Best Golf Clubs For Intermediate Players 2023

Are you that kind of high single figured to mid-handicap range of golfer? We have looked at some of the best golf clubs for you here.

Best Golf Clubs For Intermediate Players
(Image credit: Golf Monthly)

Best Golf Clubs For Intermediate Players

Selecting the best golf clubs for your game is not a straightforward task, especially when there’s so much choice on the market. If you’re a beginner, it’s actually more straightforward – you need clubs with game improvement features, as you'll find in our best golf clubs for high handicappers (opens in new tab) and best golf club sets for beginners (opens in new tab) guides.

Meanwhile, the scratch golfer and more accomplished ball strikers demand superior feel and workability. Then, there's the 8-18 handicap category, which comprises a range of abilities. If you're an 'intermediate player', you may find that you're pretty handy one minute and, often, quite ordinary the next.

Generally speaking, the best golf clubs for intermediate players offer a combination of feel, forgiveness and workability. Not all clubs in this category will suit the same level of player, but some models do actually have quite a broad appeal. So, let's take a closer look at some of the best golf clubs for intermediate players.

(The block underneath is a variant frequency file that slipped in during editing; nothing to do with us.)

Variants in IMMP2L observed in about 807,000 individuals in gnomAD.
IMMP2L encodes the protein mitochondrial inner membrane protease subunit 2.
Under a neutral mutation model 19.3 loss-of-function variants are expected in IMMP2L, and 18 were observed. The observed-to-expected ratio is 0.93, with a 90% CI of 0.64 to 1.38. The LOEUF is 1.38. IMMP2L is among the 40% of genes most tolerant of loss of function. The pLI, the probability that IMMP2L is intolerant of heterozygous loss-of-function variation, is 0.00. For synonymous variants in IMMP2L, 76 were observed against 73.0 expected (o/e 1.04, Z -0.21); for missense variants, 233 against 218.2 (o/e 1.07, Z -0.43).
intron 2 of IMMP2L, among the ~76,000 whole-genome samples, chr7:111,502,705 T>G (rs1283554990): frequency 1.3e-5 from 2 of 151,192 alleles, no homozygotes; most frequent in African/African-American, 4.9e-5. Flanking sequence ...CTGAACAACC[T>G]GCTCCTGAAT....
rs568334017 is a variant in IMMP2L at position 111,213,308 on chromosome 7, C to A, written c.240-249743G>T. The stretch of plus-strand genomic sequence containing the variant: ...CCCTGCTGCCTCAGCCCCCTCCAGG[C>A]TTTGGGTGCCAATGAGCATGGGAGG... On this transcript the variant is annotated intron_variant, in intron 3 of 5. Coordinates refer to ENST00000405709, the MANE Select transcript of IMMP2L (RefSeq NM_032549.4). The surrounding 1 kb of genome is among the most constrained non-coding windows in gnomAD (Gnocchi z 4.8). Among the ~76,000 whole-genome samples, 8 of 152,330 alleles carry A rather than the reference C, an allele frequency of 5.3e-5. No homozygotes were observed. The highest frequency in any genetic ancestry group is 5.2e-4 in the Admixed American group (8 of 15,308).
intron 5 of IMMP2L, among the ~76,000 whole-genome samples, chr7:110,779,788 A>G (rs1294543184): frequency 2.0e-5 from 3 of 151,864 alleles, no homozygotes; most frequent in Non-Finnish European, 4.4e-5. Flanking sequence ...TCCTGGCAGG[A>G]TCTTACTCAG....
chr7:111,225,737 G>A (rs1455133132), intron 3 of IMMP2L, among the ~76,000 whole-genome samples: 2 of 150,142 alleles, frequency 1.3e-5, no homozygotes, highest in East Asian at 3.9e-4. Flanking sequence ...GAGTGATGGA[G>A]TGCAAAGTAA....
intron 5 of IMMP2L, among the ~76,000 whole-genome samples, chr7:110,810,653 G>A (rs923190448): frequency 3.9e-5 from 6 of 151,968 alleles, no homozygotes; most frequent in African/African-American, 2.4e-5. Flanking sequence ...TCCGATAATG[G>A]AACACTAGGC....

Best Golf Clubs For Intermediate Players 

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Drivers

Ping G425 Max driverEditors Choice 2022


(Image credit: Future)

Specifications

Lofts: 9°, 10.5° & 12°
Adjustable: Yes
Stock Shaft: Ping Alta CB 55 Slate
Left Handed Option: Yes

Reasons to buy

+
Increased forgiveness and accuracy over G410
+
Better fitting options across three models

Reasons to avoid

-
No obvious gains in distance over G410 on centred hits

To achieve new performance levels in the G425 Max, Ping has implemented a 26-gram movable weight called a CG Shifter, which is made possible by weight savings from advancements in the driver’s Dragonfly crown design. The weight can be secured in one of three settings – neutral, draw or fade – to influence forgiveness and shot shape.

For golfers with a slice, the 460cc SFT driver (10.5° only) features a fixed, heel-biased 23-gram weight to promote right-to-left shot bend, whilst the 425cc LST model, which has a more pear-shaped head, will appeal to the better player. Therefore the intermediate players who sit in the middle will enjoy the performance from the Max version we selected for this guide.

Titleist TSi2 Driver


(Image credit: Golf Monthly)

Specifications

Lofts: 8°, 9°, 10° & 11°
Adjustable: Yes
Stock Shaft: Kuro Kage Black DC 5G SFW, Tensei AV Blue RAW SFW, HZRDUS Smoke Black RDX & Tensei AV White Raw
Left Handed Option: Yes

Reasons to buy

+
Easy to flight
+
Consistently good distance with plenty of forgiveness

Reasons to avoid

-
No shot shape adjustability